Welcome to part 2 of my beginners guide to a very British Christmas. Click here to read part 1.
Putting the Tree Up
In Britain, decorating your home for Christmas is called “putting the tree up” and the debate on which you do this is hotly debated among us. Traditionalists favour the 12 Days rule whereby you decorate your home 12 days before Christmas (13th December) and take it all down again 12 days after Christmas (6th January). Others (myself included) like to jump into the season headfirst, and deck the halls on the 1st December. Cause if you’re cracking open the Advent Calender on this date, you may as well get the tinsel out too.
However, the one thing you must remember when celebrating Christmas in Britain is to never, EVER, under any circumstances, decorate your home before 1st December. The shops and towns can do it, but you cannot. If you do, you will be ridiculed (behind your back of course, we are British after all). Nothing thrills us Brits more than to pass by someones home in November, get a glimpse of the decorations inside, and spend the subsequent weeks loudly telling people about that “eejit in our street with his decks up”. You have been warned.
The School Nativity
You’ll be hard pushed to find a British primary school who doesn’t put on their own production of the nativity play in December, but the format is always the same. Kids will play the characters (although Baby J will just be a plastic, slightly creepy looking, doll) and that one teacher whose a dab hand on the piano will bang out the tunes. Parents and Grandparents will all turn out to coo over their kids and suffer the mind-numbing tuneless singing.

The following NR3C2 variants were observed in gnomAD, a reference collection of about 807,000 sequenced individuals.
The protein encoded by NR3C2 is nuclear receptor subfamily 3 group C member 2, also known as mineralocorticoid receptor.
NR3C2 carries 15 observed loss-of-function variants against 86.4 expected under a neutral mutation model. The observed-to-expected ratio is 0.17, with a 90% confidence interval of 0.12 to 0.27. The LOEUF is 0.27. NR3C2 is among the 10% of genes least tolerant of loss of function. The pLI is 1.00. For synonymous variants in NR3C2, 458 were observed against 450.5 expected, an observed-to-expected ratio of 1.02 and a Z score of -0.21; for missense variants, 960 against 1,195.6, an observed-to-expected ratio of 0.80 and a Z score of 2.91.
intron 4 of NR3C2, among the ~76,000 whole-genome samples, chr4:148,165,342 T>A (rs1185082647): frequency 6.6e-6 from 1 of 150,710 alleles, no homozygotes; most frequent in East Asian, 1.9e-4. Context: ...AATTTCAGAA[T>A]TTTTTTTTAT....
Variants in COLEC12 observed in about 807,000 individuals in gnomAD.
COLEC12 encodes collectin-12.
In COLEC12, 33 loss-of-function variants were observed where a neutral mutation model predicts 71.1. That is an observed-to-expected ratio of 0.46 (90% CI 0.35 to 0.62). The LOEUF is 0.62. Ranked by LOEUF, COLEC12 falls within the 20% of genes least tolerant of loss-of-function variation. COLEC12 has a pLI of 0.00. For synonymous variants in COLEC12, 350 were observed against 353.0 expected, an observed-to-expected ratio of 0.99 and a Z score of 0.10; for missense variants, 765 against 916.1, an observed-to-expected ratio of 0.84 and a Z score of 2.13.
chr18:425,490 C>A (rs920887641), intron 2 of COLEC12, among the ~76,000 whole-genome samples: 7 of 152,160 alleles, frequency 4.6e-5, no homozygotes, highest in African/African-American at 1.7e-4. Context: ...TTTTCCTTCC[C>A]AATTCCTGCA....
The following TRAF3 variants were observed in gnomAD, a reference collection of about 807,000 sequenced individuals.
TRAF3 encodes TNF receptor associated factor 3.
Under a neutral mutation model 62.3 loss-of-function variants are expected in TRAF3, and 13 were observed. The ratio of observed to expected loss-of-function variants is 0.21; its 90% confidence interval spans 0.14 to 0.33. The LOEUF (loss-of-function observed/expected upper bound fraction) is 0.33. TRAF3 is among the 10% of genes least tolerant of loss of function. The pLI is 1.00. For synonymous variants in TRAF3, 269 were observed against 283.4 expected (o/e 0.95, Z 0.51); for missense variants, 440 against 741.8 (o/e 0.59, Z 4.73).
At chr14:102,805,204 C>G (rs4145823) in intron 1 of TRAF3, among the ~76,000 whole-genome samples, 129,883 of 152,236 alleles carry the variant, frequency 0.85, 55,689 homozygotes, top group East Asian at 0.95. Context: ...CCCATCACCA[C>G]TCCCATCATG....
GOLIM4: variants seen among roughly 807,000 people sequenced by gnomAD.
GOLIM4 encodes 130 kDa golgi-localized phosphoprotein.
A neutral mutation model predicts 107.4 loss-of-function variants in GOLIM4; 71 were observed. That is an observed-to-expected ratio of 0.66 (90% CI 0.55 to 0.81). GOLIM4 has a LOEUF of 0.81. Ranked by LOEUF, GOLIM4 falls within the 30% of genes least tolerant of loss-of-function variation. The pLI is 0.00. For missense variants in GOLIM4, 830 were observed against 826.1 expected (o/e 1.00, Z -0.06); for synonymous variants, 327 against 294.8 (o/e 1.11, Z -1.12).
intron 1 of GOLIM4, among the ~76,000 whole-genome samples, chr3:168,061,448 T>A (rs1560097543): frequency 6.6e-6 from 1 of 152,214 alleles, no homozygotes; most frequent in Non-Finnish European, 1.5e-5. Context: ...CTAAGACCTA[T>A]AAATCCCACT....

Now back in my day the costumes were handmade: a tea towel on your head, your old bathrobe, and a tatty pair of sandals and you’re a shepherd; tinsel round a coat hanger and you’re a fairy; bunch of sweets glued onto a paper crown and your a Wise Man. Nowadays nativity appear to have lost their quaint appeal and gotten a lot more serious, and costumes are no longer handmade but shop-bought. But don’t worry, you don’t actually need to attend one of these unless you have a child starring in one.
One thing you need to understand about us Brits, is we’re sickeningly nostalgic and we long for a Dickension-style white Christmas. But equally, we also love to complain about the weather so when it does snow, we love moaning about it. This is even more pronounced because when it snows in Britain, the whole bleeding country grinds to a halt. You’d think, given that we’re on the same latitude as Moscow and Alaska, we’d be able to deal with this kinda weather? Well we’re not. There’s never enough salt for the road, school heating systems shut down meaning parents have to take time off work, and the threat of “black ice” on the roads is a frightening prospect for us all. And all this over an inch of snow and a temperature of -3C
It’s tradition in Britain to hang your stocking, on Christmas Eve, at the end of you’re bed. Which worked great during Victorian times when we had those big brass beds to hang stuff from. Which meant that British kids used to go to bed on Christmas Eve in the full and accepting knowledge that a bearded stranger would be creeping into their bedroom in the middle of the night.
In recent years, we’ve adopted the somewhat less creepy custom from our American cousins, of hanging our stockings over the fireplace. In lieu of a fireplace, these can also be hung from a bookcase or nailed into a wall. We’ve also upgraded to fancy dedicated Christmas stockings rather than just resorting to an old hill walking sock belonging to your Dad.